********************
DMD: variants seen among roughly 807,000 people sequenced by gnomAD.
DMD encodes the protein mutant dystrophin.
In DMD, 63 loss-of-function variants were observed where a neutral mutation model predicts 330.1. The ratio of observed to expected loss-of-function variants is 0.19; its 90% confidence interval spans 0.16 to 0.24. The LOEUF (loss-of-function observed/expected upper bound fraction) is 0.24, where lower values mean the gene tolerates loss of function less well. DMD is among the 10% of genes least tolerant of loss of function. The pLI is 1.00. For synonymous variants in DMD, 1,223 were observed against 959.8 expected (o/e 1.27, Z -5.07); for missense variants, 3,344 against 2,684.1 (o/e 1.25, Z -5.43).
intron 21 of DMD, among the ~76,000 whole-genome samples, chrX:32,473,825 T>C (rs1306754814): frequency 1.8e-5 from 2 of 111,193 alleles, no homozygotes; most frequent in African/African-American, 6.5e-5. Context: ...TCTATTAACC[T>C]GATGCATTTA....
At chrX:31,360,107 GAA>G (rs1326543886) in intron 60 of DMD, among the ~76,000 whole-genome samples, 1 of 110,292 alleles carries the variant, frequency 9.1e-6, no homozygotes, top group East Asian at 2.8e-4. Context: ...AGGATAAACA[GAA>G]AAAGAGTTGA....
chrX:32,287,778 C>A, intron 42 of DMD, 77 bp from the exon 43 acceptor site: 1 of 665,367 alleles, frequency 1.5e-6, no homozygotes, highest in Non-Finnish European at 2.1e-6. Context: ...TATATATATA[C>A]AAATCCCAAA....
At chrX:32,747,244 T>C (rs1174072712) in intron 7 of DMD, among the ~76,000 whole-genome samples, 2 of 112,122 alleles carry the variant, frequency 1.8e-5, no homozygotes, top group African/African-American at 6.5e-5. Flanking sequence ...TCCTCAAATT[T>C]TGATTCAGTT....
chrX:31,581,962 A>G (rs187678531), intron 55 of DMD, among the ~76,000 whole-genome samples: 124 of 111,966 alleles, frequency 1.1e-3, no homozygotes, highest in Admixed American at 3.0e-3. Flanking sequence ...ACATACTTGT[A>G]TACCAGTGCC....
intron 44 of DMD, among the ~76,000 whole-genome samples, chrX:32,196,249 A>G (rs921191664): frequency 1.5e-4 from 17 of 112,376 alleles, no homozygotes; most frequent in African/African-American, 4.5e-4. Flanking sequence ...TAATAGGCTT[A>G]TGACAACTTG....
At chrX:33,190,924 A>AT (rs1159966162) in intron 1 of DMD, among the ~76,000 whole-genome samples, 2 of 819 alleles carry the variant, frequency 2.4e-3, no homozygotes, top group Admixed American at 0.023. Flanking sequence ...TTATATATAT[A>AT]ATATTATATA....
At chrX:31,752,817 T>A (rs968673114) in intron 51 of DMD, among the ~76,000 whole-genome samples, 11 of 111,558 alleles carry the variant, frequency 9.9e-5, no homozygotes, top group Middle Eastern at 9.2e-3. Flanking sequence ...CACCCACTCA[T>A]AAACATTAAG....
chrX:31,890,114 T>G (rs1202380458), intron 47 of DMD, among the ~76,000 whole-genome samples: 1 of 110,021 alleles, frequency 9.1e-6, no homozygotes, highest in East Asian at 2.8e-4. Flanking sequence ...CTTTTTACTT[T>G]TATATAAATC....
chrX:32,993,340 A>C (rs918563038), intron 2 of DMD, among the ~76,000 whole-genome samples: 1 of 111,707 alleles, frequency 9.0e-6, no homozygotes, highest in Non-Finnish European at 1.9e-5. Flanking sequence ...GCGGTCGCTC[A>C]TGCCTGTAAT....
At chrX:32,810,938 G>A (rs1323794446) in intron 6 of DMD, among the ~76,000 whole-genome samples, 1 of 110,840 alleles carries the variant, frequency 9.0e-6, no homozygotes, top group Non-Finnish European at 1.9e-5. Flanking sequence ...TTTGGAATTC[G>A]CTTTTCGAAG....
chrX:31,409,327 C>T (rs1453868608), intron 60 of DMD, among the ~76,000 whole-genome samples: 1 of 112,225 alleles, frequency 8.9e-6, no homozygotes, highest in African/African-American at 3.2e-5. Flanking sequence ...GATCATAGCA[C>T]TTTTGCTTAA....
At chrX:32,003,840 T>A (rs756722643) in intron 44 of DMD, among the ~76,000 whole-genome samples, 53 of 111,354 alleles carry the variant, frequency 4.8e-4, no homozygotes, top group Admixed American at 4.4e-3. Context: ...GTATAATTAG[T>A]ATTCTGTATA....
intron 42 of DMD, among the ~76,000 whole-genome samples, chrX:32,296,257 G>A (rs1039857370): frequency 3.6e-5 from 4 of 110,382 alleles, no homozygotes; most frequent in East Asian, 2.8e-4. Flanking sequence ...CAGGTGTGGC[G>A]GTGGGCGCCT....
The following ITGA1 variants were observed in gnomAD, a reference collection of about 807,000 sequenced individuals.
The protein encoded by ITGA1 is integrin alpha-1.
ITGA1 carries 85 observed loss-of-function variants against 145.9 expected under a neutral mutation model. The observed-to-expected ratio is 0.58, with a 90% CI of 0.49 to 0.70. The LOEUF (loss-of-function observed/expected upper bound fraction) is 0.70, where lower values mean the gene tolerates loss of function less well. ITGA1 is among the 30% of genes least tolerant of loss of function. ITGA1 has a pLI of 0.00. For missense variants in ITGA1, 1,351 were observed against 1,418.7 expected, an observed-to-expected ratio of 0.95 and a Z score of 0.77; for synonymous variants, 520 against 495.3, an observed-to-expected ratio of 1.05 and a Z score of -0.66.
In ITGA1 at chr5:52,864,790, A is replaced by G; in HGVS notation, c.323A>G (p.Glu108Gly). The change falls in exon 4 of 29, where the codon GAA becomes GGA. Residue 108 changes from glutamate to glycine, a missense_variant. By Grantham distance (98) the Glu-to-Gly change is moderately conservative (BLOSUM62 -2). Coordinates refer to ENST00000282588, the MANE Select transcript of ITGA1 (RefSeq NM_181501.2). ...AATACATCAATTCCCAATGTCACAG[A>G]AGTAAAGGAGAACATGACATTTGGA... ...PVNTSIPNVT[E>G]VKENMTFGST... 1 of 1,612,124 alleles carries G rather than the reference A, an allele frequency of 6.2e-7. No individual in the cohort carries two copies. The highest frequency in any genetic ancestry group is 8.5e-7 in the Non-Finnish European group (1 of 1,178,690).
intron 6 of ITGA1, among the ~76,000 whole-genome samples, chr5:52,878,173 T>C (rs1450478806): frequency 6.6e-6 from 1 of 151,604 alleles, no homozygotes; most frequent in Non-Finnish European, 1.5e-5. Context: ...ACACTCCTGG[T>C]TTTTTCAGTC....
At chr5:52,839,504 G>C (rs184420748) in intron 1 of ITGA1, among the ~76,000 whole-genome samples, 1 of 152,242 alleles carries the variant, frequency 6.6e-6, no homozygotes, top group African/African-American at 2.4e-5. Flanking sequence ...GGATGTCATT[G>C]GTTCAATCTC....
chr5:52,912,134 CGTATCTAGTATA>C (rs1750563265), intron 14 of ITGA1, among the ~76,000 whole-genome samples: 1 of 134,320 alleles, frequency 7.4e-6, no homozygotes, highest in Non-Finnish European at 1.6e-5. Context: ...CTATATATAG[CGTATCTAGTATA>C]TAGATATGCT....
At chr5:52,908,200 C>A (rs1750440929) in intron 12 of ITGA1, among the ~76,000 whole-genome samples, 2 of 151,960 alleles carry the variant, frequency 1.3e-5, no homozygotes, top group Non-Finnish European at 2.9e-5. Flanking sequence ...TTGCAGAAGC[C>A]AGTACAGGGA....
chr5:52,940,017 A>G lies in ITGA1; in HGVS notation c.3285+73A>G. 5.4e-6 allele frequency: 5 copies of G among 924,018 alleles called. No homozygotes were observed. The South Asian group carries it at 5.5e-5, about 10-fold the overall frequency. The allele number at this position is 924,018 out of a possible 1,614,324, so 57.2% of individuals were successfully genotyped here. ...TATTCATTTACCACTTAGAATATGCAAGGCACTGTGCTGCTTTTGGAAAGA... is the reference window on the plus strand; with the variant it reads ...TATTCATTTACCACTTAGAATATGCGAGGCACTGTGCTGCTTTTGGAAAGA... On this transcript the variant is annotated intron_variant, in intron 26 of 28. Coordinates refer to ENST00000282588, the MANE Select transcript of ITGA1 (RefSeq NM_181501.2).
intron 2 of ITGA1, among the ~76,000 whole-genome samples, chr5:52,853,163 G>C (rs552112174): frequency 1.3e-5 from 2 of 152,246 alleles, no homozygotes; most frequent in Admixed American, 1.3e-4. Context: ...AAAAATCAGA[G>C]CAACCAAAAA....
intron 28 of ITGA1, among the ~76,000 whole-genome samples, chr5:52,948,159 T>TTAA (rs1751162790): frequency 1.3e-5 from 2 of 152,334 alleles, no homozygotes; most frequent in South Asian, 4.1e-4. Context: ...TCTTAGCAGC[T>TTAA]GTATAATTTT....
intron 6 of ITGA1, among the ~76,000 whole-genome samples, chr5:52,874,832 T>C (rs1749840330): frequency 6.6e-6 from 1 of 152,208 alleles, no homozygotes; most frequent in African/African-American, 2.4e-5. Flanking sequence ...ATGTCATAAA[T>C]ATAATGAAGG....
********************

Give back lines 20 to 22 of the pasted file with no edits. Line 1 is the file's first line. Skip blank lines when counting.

ITGA1 carries 85 observed loss-of-function variants against 145.9 expected under a neutral mutation model. The observed-to-expected ratio is 0.58, with a 90% CI of 0.49 to 0.70. The LOEUF (loss-of-function observed/expected upper bound fraction) is 0.70, where lower values mean the gene tolerates loss of function less well. ITGA1 is among the 30% of genes least tolerant of loss of function. ITGA1 has a pLI of 0.00. For missense variants in ITGA1, 1,351 were observed against 1,418.7 expected, an observed-to-expected ratio of 0.95 and a Z score of 0.77; for synonymous variants, 520 against 495.3, an observed-to-expected ratio of 1.05 and a Z score of -0.66.
In ITGA1 at chr5:52,864,790, A is replaced by G; in HGVS notation, c.323A>G (p.Glu108Gly). The change falls in exon 4 of 29, where the codon GAA becomes GGA. Residue 108 changes from glutamate to glycine, a missense_variant. By Grantham distance (98) the Glu-to-Gly change is moderately conservative (BLOSUM62 -2). Coordinates refer to ENST00000282588, the MANE Select transcript of ITGA1 (RefSeq NM_181501.2). ...AATACATCAATTCCCAATGTCACAG[A>G]AGTAAAGGAGAACATGACATTTGGA... ...PVNTSIPNVT[E>G]VKENMTFGST... 1 of 1,612,124 alleles carries G rather than the reference A, an allele frequency of 6.2e-7. No individual in the cohort carries two copies. The highest frequency in any genetic ancestry group is 8.5e-7 in the Non-Finnish European group (1 of 1,178,690).
intron 6 of ITGA1, among the ~76,000 whole-genome samples, chr5:52,878,173 T>C (rs1450478806): frequency 6.6e-6 from 1 of 151,604 alleles, no homozygotes; most frequent in Non-Finnish European, 1.5e-5. Context: ...ACACTCCTGG[T>C]TTTTTCAGTC....